Don’t be afraid to be real, Goldhaber continues. “People expect you to be human. Don’t just pump out positive PR for yourself. Be vulnerable. Ask for advice. Tell people that you’re struggling with something. When you share these real moments, you’d be surprised how much they’re willing to help you out.”
Where should you focus brand efforts?
Decide how much time and effort you can focus on building a personal brand. Before you do anything, though, think about using your personality in whatever approach you take. The point of this entire process is to sell yourself – not anyone else.
If you want to seize this time to create a comprehensive plan, you’ll need a brand identity. That means a logo, website, and maybe a tagline. Your personal website should tell what you do best and share your story.
Another approach still requires internal reflection, but you can present your personal brand on a smaller scale. For example, stick to your favorite social media channels. Create a content schedule that showcases your talents and personality. No need for a full menu of marketing collateral.
“Know what medium works best for you,” says Goldhaber. “Some people love being on video. Others hate it. Some people love writing. Others struggle with it. Make sure you choose a medium that works well for you because building a personal brand takes a lot of content creation. And you want to be efficient in how you create content.”
Regardless of how you go about it, make sure you use one headshot across your social accounts and website. Use the same type of language to describe what you do. Consistency is key.
Who has a strong personal brand?
Some people excel at telling their own story. Look at Brene Brown, who has leveraged the global pandemic to rocket to the top of the Apple Podcast charts with her thoughtful and empowering message. She uses the same color scheme, font, and imagery across her social channels and site. When you see the multicolor image, your mind immediately goes to Brene.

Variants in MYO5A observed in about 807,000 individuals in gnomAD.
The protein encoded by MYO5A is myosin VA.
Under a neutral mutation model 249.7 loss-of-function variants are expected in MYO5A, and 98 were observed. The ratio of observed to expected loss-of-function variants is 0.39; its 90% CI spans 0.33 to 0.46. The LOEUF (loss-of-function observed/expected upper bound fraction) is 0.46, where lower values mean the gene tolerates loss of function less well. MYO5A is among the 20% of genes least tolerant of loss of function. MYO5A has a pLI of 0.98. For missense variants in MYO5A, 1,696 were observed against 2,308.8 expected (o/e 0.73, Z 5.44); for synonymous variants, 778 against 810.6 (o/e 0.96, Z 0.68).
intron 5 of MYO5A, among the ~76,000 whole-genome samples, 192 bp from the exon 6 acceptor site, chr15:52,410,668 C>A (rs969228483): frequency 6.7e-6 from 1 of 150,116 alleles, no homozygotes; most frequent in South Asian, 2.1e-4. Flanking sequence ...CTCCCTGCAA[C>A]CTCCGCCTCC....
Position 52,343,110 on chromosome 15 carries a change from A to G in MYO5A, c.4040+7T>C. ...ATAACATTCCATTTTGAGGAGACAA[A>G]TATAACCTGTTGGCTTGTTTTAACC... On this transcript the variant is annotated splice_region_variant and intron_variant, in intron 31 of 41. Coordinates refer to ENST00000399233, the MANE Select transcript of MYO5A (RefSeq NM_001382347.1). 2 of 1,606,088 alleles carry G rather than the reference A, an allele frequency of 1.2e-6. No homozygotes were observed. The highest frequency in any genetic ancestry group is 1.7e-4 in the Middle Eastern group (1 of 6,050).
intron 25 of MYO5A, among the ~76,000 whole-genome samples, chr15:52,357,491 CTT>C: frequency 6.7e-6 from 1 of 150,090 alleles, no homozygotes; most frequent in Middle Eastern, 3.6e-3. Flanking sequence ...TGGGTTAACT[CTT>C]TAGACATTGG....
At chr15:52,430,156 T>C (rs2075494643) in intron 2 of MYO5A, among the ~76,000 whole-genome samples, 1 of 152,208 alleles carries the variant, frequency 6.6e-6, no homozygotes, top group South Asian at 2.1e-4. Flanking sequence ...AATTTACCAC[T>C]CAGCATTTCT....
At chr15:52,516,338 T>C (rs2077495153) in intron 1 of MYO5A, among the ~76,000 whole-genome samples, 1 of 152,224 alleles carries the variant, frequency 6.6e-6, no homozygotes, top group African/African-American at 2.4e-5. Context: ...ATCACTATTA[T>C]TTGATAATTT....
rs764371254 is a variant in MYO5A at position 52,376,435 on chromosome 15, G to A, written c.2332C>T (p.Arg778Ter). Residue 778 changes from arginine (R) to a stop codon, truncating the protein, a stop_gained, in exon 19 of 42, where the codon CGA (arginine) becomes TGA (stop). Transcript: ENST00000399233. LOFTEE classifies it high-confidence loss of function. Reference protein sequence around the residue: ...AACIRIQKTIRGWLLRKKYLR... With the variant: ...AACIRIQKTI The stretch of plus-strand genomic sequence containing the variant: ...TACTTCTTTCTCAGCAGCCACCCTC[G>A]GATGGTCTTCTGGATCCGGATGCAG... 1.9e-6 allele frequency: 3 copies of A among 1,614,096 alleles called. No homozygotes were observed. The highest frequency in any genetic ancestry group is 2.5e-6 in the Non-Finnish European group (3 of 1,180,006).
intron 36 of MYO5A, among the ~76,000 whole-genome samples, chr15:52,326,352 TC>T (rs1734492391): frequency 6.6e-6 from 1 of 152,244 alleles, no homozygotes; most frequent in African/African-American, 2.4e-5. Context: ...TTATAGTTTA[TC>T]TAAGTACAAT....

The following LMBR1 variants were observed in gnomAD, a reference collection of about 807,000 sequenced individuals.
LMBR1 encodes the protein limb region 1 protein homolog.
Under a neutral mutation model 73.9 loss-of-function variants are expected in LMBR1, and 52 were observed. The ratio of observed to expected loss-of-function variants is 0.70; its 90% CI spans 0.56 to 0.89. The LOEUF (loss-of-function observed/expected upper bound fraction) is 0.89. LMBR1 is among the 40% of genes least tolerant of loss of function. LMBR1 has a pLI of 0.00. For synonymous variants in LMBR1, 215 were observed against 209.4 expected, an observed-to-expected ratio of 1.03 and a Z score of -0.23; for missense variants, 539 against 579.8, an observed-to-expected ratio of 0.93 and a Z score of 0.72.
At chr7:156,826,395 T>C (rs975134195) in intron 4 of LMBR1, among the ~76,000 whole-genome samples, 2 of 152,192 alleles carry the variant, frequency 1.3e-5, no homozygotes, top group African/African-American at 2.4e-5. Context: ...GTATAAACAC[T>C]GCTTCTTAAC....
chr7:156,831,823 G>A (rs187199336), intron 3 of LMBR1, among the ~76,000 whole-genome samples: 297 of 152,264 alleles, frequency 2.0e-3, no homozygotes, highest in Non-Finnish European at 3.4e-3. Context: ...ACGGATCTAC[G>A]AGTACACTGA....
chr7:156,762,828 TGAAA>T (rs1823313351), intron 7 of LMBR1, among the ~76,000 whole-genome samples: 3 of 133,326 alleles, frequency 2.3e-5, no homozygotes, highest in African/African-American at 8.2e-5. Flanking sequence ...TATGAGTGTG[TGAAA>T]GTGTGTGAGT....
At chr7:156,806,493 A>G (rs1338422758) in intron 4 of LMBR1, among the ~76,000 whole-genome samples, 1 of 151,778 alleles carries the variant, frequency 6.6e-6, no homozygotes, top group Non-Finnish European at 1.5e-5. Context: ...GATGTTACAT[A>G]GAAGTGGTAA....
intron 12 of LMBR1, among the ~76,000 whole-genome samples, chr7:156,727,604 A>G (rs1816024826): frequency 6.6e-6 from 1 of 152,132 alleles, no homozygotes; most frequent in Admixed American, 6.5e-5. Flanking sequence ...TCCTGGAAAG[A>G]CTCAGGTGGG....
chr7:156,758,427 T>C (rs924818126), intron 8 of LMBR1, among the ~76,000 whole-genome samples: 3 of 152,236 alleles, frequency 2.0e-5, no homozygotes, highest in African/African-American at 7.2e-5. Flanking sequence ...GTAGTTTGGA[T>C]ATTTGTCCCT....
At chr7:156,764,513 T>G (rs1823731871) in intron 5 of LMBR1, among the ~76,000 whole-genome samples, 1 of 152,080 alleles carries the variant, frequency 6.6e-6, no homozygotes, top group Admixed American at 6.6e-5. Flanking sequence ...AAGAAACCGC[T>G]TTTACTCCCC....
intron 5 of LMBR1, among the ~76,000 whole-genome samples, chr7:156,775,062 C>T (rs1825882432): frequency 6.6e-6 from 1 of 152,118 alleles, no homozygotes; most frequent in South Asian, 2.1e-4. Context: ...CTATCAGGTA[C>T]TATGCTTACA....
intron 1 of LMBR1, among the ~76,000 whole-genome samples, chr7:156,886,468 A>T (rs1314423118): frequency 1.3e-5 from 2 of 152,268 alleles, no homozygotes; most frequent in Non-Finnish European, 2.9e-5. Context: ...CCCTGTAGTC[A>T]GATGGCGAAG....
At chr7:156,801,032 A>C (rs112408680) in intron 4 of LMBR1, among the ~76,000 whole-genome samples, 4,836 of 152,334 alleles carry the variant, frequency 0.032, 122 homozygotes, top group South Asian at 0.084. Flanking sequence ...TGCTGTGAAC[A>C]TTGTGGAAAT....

Do you know Seth Godin? Pops of orange trickle across all of his digital footprints. For more than 25 years, Seth has built his reputation. Now his marketing and business blog is read by millions. He is considered an expert in the field and widely respected.
When should you get started?
Right now. Walsh says, “If you are not willing to tell your own story, then you are leaving room for others to do it for you.”
Final words of wisdom
Understand that you may get some critical feedback. “Not everyone is going to love your brand. And that’s ok! When someone says something negative, learn from it, and then move on. Don’t let negative feedback from a handful of people affect you. If you do, your brand will become watered down. And when that happens, people will tune you out because they won’t find you interesting,” says Goldhaber.
And one last piece of advice from this marketing guru: be yourself. The point of a personal brand is to get personal. Spend a little time thinking about who you are. That’s the person you want to share with the world and that’s how you will leave an enduring legacy.